Your Shopping Cart

It appears that your cart is currently empty!

CONTINUE SHOPPING

Blue Ocean Life Nation Interview Series: Michael Nicklin

by Mae Niez |

Michael Nicklin is an Intuitive Life Transformation Strategist @KiConscious and a Consulting Producer for film & television @VortexianMedia based in Los Angeles, CA.  As a Consulting Producer, Michael provides producing entities with strategies to infuse authentic cause-focused philanthropy into their project business plans and pitches. He believes that ‘smart giving is sound business’, often overlooked in the development process. Prior to founding KiConscious, Michael was a talent manager and agent for fifteen years, guiding the entertainment industry careers of more than 400 artists.  He was also a well-recognized on-air TV personality serving as a consumer trends and products news contributor, and appeared on network and cable news programs and talk-format for over a decade. 

Michael Nicklin Blue Ocean Life interview

Thank you for sharing your story with us. What is your professional background? How did you end up with this career?

My professional background seems much more typical by today’s standards than it did when I was busy getting my business degree. I started my first business while in my junior year of university, then acquired my second business before graduating. The foundation for my life as a serial entrepreneur was set in stone.  I was modeling while at uni, and had the opportunity to become a managing partner at one of the agencies that represented me.  I took the leap, business skyrocketed, and after a decade I opened a second agency to serve the LA market.  Then, after an extended break from the industry, I launched a talent management company. (That break from the industry was about fifteen years, during which I developed new businesses and acquisition strategies in the burgeoning technology sector.)

Having worked with artists for most of my life, I became increasingly disinterested in the transactional aspects of the entertainment industry and was far more interested in the ascension of careers via strategic blueprinting; and most importantly, the psychological wellbeing of artists. 

As I contemplated closure of the management company, I developed the KiConscious™ brand by merging my 30-plus years of entrepreneurial and start-up experience and artist management with my innate spiritual gifts and modality proficiencies (tarot, reiki, channeling, crystals) to create a consultative system for personal transformation for those who want to live a more integrated, balanced, conscious, and fulfilled career and life.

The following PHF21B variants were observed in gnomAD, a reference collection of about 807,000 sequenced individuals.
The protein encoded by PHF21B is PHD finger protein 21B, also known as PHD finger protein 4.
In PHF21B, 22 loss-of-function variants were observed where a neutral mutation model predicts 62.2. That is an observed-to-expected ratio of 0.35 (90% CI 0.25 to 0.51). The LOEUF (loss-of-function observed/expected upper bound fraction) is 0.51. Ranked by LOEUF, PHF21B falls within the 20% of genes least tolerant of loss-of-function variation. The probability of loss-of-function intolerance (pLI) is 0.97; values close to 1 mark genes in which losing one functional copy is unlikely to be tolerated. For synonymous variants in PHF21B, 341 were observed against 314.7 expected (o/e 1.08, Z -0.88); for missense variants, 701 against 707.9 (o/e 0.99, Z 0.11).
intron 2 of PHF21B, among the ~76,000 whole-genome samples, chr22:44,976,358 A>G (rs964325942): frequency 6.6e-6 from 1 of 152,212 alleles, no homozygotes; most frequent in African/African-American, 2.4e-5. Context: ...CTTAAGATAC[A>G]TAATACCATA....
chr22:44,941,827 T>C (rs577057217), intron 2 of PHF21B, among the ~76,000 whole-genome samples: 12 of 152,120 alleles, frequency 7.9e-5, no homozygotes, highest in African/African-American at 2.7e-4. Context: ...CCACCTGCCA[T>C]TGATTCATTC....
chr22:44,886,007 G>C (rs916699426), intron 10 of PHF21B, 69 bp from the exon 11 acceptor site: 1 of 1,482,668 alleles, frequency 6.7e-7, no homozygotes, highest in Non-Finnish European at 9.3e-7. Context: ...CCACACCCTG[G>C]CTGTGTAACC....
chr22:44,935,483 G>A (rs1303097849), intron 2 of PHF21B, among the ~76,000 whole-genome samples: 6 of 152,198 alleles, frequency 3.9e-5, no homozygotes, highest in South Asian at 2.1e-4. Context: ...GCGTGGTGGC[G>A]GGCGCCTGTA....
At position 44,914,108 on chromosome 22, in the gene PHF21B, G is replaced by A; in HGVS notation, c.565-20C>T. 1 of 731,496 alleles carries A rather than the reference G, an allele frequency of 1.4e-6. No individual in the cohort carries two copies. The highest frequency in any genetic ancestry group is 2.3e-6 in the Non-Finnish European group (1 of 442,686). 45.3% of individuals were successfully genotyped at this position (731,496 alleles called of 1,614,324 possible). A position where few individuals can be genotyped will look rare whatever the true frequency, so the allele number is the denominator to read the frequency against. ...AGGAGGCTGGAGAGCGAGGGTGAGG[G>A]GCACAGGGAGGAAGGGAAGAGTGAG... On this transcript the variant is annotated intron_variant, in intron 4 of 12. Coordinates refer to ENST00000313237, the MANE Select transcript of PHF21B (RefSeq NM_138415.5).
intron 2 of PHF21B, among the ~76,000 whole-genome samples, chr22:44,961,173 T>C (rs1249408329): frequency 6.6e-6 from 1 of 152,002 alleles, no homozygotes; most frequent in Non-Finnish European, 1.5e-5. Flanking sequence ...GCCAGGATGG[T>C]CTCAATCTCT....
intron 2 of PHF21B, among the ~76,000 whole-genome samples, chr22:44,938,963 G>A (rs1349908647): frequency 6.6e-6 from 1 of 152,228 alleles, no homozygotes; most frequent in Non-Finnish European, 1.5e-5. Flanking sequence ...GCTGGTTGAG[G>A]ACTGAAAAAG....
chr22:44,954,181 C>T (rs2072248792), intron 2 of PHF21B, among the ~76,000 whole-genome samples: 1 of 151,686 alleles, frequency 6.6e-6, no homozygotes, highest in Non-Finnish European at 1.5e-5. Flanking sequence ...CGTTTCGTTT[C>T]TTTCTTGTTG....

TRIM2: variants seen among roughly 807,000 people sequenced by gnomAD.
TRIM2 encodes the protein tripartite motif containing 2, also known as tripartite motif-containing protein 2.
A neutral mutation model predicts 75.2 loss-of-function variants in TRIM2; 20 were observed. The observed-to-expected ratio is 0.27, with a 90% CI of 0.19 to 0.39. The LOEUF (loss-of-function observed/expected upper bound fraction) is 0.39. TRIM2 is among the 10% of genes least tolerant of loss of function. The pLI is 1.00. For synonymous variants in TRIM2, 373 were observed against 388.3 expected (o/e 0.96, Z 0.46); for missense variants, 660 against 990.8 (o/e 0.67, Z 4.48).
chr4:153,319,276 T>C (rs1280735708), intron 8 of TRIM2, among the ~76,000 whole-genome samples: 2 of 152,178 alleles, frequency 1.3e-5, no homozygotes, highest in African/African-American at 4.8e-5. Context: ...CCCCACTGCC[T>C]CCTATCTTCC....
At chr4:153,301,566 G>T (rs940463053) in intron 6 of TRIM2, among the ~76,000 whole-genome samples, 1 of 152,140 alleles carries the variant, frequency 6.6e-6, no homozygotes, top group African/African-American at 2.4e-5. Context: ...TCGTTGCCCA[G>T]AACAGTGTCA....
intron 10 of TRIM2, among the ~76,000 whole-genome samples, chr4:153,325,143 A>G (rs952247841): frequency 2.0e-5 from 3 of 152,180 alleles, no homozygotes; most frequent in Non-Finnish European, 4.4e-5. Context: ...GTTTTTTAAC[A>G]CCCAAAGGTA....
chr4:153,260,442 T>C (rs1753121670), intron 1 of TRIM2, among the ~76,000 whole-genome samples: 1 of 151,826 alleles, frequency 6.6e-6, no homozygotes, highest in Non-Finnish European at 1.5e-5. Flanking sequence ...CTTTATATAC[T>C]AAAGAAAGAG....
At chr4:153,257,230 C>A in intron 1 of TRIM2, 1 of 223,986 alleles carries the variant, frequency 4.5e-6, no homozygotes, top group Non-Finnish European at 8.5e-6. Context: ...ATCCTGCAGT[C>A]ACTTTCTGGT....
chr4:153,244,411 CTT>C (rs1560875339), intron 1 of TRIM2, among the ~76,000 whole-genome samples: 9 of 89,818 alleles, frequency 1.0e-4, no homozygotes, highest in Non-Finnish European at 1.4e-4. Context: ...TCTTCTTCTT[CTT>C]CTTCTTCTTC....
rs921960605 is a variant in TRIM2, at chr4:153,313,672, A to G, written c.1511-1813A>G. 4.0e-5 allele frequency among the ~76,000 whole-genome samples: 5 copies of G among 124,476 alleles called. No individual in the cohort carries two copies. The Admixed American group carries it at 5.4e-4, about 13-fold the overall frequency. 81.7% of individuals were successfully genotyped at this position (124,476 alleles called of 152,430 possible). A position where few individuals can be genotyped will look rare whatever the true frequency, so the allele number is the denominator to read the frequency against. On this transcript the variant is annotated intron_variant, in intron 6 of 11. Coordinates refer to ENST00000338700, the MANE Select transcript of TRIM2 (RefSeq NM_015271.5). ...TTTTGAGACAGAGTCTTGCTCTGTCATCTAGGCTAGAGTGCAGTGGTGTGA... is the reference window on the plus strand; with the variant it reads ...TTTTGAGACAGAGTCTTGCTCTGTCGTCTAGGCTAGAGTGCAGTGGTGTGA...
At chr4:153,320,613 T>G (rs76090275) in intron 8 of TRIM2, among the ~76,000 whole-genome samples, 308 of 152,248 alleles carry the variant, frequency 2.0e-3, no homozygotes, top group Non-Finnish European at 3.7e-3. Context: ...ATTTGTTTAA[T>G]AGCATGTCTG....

How did you begin your remote work journey? 

During the time I stepped away from the entertainment industry, I was a motivational speaker and trainer.  Nearly all of those in-person engagements were scattered across the US and required air travel, averaging more than 100 trips per year for nearly a decade. With each workplace lasting a day or two, and my satellite office being an aircraft, I found myself quickly redefining the concept of ‘home’ and ‘workplace.’ I then became a contract strategist for a multinational corporation based in Sydney, Australia. That remains my all-time favorite workplace and commute.  Work and wanderlust have taken me to more than 80 countries, and technology affords me the opportunity to work remotely to render geography mostly irrelevant to my work life. 

Where do you see yourself in the next year? 

Though I fully understand the context of the question, I am going to run with my interpretation as an intrepid traveler. Iceland, Norway, Scotland, England, France, Spain, France, Namibia, and South Africa.  The flights are booked. 

Read this Next: Los Angeles-based Actor, Pro surfer, and Photographer Yves Bright Interview

What tips do you have for others who are working remotely? 

My Top Three Tips:

(1) Beware the assumption that working from home establishes more work-life balance. It can become challenging to maintain a healthy balance between productivity and self-care.

(2) Choose a dedicated workspace in your home, draw your boundaries and set your ground rules with your co-inhabitants, and work when you are most productive. When possible, try to create a schedule that not only suits your employer, but also compliments your optimal daily routine. 

(3)  Get out of the house. Take a walk or run. Connect with nature. Breathe deeply. Try to engage in the casual social interactions you often had with colleagues at the office. 

What is your self-care routine and how do you find time to integrate it into your daily life?

One of the most valuable self-care lessons I learned early in my life is that self-care is not selfish. It is essential to maintaining a healthy relationship with myself.  Therefore, I make the time, whether easy or challenging. My overarching goals for self-care are to feel taken care of mentally, emotionally, and physically. Mind. Body. Soul. 

My go-to focus is engaging in activities that are recentering, nurture well-being and reduce stress.  I spent most of my childhood at the ocean, in the mountains, or on the desert. Those have remained my go-to rehabilitative environments for my entire adult life. Numerous studies have found that spending time in nature improves mood, lowers stress hormones and reduces blood pressure.

I care for my body by minimizing chemical-infused foods, practicing mindful eating, and focusing primarily on plant-based cooking.  My peak performance requires peaceful sleep, and I try to get 7-8 hours. No caffeine after 4 pm.  Intermittent fasting. Lots of water.  Nothing earth-shattering here. 

My goal is to try my best to remain consistent with my self-care, whether it is a mud masque for my face or restricting my tv news watching. 

Putting yourself first is important to your overall wellness. Given this, what are your best holistic wellness tips? 

By definition, holistic health and wellness is the practice of treating the whole mind, body, and spirit – including our physical, emotional, mental, social, spiritual, and financial health.  Experiencing peace within oneself is crucial to overall wellness. To do so, I quiet my mind through meditative breathing, then listen carefully to my inner voice.  I actively minimize toxic substances…and toxic people from my life.